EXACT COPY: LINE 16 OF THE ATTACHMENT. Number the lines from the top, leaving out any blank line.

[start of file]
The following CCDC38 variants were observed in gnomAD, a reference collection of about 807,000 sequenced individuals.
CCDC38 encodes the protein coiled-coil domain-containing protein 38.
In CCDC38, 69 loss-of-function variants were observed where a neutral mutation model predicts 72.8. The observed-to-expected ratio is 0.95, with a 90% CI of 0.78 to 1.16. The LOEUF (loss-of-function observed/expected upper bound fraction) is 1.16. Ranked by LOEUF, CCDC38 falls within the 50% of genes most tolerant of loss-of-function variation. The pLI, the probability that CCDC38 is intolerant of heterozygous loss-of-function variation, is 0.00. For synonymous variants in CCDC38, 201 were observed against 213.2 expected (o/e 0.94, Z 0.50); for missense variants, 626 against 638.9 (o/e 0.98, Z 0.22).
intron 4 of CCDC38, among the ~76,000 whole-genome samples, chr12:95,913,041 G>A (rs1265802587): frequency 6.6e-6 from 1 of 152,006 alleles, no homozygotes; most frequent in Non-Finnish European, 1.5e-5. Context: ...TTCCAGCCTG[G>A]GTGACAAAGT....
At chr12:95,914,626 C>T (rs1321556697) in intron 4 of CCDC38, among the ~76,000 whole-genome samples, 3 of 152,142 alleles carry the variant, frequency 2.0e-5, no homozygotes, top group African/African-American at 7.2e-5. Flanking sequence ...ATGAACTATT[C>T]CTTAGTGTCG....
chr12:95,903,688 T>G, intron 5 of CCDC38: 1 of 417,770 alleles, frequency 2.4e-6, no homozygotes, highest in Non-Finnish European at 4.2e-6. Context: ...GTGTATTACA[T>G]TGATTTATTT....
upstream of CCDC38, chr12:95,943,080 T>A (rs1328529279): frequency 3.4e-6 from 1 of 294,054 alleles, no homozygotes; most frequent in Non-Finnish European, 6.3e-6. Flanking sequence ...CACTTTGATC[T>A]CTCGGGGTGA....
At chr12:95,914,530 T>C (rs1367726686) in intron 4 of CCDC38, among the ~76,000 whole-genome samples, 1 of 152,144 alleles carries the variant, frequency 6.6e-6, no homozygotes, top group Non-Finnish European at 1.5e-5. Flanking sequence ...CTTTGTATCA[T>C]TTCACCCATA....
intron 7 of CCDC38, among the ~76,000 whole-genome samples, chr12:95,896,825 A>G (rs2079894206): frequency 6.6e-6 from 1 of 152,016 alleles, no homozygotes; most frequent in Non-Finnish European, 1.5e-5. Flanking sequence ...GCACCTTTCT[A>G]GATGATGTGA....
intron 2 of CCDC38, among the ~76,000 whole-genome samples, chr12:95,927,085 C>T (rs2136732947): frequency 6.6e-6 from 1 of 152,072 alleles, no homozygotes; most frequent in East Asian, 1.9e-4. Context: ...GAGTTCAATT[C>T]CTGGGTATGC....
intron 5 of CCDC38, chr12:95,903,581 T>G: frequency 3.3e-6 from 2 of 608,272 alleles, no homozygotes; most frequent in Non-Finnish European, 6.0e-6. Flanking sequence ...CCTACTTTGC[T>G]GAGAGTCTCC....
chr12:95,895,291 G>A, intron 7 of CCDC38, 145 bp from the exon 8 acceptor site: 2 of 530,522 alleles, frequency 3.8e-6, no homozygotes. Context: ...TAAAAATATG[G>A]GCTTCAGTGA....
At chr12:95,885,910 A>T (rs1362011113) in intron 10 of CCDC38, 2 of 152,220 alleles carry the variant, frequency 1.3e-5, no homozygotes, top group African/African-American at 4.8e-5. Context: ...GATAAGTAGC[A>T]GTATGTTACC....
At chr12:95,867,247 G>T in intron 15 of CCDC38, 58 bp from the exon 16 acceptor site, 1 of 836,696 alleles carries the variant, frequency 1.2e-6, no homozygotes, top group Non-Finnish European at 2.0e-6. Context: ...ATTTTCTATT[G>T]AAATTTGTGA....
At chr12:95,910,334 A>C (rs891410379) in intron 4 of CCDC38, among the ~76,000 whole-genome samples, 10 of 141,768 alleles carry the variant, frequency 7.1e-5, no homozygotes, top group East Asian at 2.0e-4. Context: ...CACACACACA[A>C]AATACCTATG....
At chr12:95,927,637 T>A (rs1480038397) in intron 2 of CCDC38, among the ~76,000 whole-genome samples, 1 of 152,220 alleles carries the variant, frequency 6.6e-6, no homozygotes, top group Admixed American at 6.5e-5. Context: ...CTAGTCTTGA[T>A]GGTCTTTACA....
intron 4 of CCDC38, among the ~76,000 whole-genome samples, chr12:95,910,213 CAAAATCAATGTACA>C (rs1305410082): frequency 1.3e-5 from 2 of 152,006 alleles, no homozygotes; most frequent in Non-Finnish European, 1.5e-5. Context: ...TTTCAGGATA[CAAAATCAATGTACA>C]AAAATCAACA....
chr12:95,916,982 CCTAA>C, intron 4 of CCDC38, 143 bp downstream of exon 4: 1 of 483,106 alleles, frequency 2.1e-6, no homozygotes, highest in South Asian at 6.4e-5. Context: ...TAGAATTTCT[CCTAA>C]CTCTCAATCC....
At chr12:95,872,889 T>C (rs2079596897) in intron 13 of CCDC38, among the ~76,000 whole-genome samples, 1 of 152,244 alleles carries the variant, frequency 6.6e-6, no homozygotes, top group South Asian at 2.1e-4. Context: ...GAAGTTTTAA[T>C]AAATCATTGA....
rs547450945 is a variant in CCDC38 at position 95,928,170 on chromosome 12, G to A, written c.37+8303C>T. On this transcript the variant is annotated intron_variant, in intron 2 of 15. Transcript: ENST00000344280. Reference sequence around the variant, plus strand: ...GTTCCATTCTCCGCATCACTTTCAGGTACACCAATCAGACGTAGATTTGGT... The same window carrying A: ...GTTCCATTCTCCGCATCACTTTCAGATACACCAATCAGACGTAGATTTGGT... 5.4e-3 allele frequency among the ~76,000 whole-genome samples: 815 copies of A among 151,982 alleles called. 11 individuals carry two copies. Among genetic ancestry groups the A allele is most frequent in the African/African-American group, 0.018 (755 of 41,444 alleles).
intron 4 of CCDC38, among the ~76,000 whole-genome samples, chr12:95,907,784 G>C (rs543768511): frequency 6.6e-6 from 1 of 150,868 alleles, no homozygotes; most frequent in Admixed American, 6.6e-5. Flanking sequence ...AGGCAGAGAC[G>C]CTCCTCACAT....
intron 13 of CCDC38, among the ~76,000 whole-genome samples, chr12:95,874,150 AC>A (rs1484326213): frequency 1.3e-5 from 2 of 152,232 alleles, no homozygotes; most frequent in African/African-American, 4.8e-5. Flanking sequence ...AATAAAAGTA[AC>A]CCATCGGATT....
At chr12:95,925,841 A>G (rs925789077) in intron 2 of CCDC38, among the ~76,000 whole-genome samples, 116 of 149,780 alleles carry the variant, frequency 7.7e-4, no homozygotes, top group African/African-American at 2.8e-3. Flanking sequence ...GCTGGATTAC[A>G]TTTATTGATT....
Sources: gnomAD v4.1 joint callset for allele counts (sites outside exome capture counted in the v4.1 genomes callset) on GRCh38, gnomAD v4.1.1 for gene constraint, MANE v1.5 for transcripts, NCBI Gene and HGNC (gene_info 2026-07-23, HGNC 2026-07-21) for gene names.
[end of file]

At chr12:95,927,637 T>A (rs1480038397) in intron 2 of CCDC38, among the ~76,000 whole-genome samples, 1 of 152,220 alleles carries the variant, frequency 6.6e-6, no homozygotes, top group Admixed American at 6.5e-5. Context: ...CTAGTCTTGA[T>A]GGTCTTTACA....